The euro slumped on Thursday following the European Central Bank’s (ECB) latest interest rate decision.
- Australian dollar volatile as Omicron rocks market risk appetite
- Cautious optimism from RBA prompts increased policy tightening bets
- AUD Monthly lows: £0.52, $0.69, €0.61, NZ$1.03, C$0.89
- AUD Monthly highs: £0.54, $0.73, €0.64, NZ$1.05, C$0.92
The Australian dollar has fluctuated in the last month after the emergence of the Omicron coronavirus variant rattled market risk appetite before easing concerns and cautious optimism from the Reserve Bank of Australia (RBA) helped the ‘Aussie’ recover.
News of the coronavirus variant of concern triggered a sharp market selloff of riskier assets that sent the risk-sensitive Australian dollar sharply lower.
Underlying concerns over rising coronavirus numbers around the world going into winter had already weighed on market sentiment before reports broke of the Omicron variant first identified in South Africa.
However, AUD exchange rates were able to recover their losses going into the second week of December after risk appetite picked up again.
Fears eased over the potential impact of the Omicron variant on global economic activity after Pfizer/BioNTech claimed tests showed three doses of its vaccine provided a high level of protection against the new coronavirus variant, prompting sharp accelerations of booster vaccinations.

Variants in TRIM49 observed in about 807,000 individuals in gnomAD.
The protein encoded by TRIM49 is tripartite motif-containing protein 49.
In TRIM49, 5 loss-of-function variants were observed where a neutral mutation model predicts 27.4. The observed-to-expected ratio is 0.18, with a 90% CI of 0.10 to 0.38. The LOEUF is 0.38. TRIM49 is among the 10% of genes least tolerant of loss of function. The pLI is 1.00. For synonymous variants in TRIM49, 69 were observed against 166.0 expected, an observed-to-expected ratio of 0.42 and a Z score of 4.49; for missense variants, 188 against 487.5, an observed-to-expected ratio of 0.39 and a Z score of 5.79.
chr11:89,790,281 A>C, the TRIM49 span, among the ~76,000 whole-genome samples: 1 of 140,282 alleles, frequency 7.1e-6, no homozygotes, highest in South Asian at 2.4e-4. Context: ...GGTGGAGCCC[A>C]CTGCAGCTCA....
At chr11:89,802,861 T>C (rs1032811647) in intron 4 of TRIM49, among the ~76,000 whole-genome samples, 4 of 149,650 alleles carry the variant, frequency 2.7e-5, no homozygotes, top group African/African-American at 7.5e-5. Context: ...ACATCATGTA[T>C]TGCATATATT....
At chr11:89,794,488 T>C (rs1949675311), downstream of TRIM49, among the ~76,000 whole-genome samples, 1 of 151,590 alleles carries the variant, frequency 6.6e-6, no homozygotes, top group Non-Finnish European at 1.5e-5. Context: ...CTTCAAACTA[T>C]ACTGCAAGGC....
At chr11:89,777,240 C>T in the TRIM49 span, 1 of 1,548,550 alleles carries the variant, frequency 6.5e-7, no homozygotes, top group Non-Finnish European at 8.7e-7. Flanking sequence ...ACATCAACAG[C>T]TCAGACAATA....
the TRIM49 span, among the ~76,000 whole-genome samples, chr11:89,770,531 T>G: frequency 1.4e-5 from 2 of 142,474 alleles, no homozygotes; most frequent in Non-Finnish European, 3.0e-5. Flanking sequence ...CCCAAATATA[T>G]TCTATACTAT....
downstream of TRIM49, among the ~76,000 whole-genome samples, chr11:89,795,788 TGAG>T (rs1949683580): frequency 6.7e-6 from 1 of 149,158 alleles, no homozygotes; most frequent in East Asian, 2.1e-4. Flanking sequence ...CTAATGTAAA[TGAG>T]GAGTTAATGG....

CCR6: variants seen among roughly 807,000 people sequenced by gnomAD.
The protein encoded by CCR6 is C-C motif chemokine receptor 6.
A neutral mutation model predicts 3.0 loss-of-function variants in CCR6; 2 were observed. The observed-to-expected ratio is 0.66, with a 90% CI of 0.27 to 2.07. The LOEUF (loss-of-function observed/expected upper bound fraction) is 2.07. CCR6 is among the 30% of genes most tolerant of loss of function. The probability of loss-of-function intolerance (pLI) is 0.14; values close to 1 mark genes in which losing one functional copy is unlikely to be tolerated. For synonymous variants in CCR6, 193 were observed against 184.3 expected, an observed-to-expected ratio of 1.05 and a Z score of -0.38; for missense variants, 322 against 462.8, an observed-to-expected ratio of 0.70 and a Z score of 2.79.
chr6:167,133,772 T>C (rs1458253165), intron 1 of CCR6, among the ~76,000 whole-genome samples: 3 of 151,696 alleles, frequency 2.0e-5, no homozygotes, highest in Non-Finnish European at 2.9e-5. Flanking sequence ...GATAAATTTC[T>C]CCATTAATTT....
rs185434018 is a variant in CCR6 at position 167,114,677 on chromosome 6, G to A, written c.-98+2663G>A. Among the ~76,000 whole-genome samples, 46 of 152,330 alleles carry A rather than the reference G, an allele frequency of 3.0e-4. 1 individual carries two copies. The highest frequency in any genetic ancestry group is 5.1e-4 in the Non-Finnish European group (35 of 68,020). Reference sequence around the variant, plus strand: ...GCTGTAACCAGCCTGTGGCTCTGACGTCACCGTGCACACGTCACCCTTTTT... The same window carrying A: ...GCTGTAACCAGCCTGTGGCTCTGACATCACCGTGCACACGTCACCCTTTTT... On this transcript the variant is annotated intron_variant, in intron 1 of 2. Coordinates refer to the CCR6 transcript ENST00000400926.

At the same time, a change in tone from the RBA, despite the Omicron variant acting as a ‘source of uncertainty, bolstered the Australian dollar to recover its Omicron-driven losses.
Cautious optimism from Australia’s central bank fuelled speculation it may end its quantitative easing programme early next year, potentially paving the way for the RBA to raise interest rates in 2023, earlier than previously signalled.
Looking ahead, the Australian dollar looks set to remain sensitive to shifting market sentiment as more data on the Omicron variant will provide better insight into its potential impact on the global economic recovery.
Elsewhere AUD investors will be keeping a close eye on domestic data, with signs the Australia economy is on the road to recovery following the lockdowns over the summer, potentially providing the RBA with more evidence that it could tighten monetary policy sooner.
Joining the corporate trading desk in 2007, Phil now over sees all of Currencies Direct’s corporate dealing activity. Having gained experience working with hundreds of businesses to optimise international payments processes and execute comprehensive risk management strategies, Phil currently works with a portfolio of corporate clients whilst managing Currencies Direct’s overall market exposure
Phil has FCA approval and has completed the Certificate in International Treasury Management (CertiTM)